Saturday June 6, 2020

Time for big decisions on Ireland‘s Covid-19 exit plan

Government and officials must choose between suppression or mitigation

14th April, 2020
Members of the public at the now closed 40 Foot bathing spot in Dublin. Ireland‘s lockdown continues amid calls for clarity on the exit plan. Picture:

The new coronavirus, SARS-CoV-2, is the ultimate escape artist, a tenacious adversary that is proving very challenging to suppress.

When Singapore entered lockdown on April 8 it was troublesome news. Until then it was one of the few countries that was successful in bringing initial outbreaks under control without resorting to mass quarantine. This underlines how easily the virus can return. Singapore had been containing cases through rigorous testing and tracing with a strict but limited quarantine. Those without symptoms but who had contact with a confirmed case were ordered into strict isolation. They were also required to confirm that they were doing so by sharing their location data.

Italy entered national lockdown on March 9. Twelve days later peak daily increase in cases was reached and there has been a very slow tapering since. Over four weeks after entering lockdown daily new cases are still double what they were on March 9. IT is now facing many more weeks of social disruption. The Italian government has not been able to financially support its citizens to the same extent as the Irish government has. Tensions are building across the poorest southern regions as people run out of food and money.

While Irish authorities have worked well to introduce income supports, many businesses here are still struggling. Some are beginning to wonder at what point the cure could be worse than the disease.

Last month, after relaxing mass quarantine in many areas, China noticed that the majority of new cases were from those entering the country. It is now enforcing a temporary suspension of entry by foreign nationals holding Chinese visas or residents’ permits. The Chinese city of Wuhan ended its 76-day lockdown last week, allowing residents to travel in and out of the city without special authorisation that had been given through a mandatory smartphone app. Though some restrictions still remain it must be a joyous feeling for residents under severe restrictions for so long.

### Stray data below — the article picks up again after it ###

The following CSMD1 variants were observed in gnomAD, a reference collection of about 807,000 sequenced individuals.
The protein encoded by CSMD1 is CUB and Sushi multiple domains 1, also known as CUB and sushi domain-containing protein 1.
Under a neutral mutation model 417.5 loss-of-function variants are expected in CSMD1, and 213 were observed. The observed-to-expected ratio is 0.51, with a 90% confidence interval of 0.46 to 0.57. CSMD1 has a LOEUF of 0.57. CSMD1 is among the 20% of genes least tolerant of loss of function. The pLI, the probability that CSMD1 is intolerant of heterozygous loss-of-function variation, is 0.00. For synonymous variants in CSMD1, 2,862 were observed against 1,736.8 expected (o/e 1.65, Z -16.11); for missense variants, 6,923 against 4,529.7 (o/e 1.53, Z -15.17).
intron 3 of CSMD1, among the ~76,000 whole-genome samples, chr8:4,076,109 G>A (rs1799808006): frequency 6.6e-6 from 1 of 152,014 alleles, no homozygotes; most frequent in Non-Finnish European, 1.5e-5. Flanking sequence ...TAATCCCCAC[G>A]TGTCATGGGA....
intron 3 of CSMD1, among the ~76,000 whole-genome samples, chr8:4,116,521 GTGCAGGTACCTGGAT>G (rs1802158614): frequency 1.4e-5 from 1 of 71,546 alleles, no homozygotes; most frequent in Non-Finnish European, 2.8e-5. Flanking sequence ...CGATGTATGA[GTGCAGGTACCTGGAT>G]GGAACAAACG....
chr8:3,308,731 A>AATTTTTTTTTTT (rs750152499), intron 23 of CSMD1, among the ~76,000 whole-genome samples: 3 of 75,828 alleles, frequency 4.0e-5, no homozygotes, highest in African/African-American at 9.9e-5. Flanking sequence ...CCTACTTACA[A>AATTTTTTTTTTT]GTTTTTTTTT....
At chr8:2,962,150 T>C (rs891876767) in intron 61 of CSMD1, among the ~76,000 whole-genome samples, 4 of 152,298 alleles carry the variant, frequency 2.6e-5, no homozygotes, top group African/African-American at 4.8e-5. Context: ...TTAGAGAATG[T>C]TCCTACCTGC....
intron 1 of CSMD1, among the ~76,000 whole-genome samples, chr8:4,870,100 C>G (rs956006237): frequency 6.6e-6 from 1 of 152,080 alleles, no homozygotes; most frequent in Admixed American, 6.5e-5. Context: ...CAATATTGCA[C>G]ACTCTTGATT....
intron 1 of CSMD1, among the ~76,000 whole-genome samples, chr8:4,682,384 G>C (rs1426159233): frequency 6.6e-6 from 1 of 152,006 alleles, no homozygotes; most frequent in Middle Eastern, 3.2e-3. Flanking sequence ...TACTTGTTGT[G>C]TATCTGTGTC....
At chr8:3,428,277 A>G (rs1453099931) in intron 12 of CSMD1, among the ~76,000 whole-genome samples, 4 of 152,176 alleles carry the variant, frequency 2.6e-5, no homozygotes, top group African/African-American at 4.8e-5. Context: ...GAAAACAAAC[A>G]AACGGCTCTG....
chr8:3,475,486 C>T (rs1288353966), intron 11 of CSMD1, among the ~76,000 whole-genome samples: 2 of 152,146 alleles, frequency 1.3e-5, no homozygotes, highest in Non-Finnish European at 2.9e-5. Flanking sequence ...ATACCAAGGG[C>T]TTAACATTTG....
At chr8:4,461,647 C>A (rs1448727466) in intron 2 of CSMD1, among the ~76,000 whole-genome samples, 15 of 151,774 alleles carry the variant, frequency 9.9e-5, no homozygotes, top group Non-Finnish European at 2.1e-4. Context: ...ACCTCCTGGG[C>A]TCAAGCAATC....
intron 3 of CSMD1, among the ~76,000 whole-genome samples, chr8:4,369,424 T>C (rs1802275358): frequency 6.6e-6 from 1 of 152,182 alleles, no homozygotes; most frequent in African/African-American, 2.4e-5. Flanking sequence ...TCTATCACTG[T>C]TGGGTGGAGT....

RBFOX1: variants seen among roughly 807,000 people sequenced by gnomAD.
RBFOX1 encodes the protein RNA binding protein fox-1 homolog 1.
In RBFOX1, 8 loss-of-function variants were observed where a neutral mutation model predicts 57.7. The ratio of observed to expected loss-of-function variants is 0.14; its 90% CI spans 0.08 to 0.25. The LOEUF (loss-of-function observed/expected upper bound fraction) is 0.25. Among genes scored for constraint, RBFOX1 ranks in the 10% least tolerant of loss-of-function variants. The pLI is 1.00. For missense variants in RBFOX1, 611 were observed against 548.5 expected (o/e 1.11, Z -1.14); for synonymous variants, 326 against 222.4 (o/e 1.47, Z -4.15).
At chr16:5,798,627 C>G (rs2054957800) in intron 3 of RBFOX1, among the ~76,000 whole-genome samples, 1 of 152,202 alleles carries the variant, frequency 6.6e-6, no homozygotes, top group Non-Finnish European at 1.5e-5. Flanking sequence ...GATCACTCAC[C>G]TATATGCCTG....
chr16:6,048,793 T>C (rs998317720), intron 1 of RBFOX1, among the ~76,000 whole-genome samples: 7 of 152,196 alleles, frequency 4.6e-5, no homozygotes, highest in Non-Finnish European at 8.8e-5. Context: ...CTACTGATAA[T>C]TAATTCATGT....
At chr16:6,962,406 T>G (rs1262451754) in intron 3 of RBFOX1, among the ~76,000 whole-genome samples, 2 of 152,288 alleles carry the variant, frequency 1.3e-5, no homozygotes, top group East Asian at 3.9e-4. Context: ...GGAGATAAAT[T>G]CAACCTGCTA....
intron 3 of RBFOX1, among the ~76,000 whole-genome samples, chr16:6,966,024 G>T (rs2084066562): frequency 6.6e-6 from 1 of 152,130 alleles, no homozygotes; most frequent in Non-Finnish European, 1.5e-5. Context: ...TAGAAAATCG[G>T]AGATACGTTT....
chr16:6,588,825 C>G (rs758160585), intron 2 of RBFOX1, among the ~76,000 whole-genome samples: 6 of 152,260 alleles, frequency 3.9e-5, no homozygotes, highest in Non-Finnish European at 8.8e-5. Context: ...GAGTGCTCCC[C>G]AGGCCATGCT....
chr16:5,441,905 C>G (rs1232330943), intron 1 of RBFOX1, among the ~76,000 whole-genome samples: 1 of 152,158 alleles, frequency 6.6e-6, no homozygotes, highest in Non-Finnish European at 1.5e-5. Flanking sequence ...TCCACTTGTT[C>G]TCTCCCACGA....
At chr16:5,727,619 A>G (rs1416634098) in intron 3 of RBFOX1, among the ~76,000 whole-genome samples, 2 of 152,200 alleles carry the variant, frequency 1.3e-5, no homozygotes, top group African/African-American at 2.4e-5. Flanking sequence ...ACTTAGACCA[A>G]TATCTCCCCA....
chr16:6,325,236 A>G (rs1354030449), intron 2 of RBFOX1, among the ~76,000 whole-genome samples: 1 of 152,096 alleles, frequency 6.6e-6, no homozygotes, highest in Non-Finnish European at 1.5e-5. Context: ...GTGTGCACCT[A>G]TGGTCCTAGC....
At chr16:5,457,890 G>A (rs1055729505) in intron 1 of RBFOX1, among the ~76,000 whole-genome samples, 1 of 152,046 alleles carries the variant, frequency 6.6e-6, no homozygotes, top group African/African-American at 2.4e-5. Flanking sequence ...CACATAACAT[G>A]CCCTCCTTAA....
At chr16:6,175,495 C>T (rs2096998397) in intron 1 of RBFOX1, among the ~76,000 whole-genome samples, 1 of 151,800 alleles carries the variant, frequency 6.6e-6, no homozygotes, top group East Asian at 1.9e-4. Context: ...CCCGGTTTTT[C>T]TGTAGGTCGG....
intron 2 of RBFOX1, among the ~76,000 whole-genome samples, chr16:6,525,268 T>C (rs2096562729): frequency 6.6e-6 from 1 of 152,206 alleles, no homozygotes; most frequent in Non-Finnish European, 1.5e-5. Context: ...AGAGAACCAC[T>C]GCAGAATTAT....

In Europe, the leaders of Norway, Denmark, the Czech Republic and Austria have announced plans to relax lockdown restrictions. As with China, we await the outcome in hope and anticipation.

A recent paper from the UK-based Imperial College Covid-19 response team described two fundamental strategies to manage an outbreak: suppression and mitigation.

With suppression, the aim is to reduce case numbers to low levels or eliminate them completely. The main challenge of this approach is that measures need to be maintained, at least intermittently, for as long as the virus is circulating in the human population, or until an effective vaccine becomes available. This has been Ireland’s stated strategy but our country has been slow to reach the requirement needed for a complete suppression.

We have so far fallen short of South Korean standards of testing and contact tracing and we have been unable to enforce Chinese-style mass quarantine. Professor Sam McConkey, the head of the department of international health and tropical medicine at the Royal College of Surgeons, has encouraged stricter measures in order that we more quickly re-emerge from lockdown.

As we are an island nation, he asked if we should follow the example of New Zealand and aim to eliminate the coronavirus through 60 days of contact-tracing and self-isolating, the use of GPS location data, a 14 day quarantine for travellers, cloth reusable masks for all and a phone app to show a person‘s status. This would have to be done in partnership with Northern Ireland.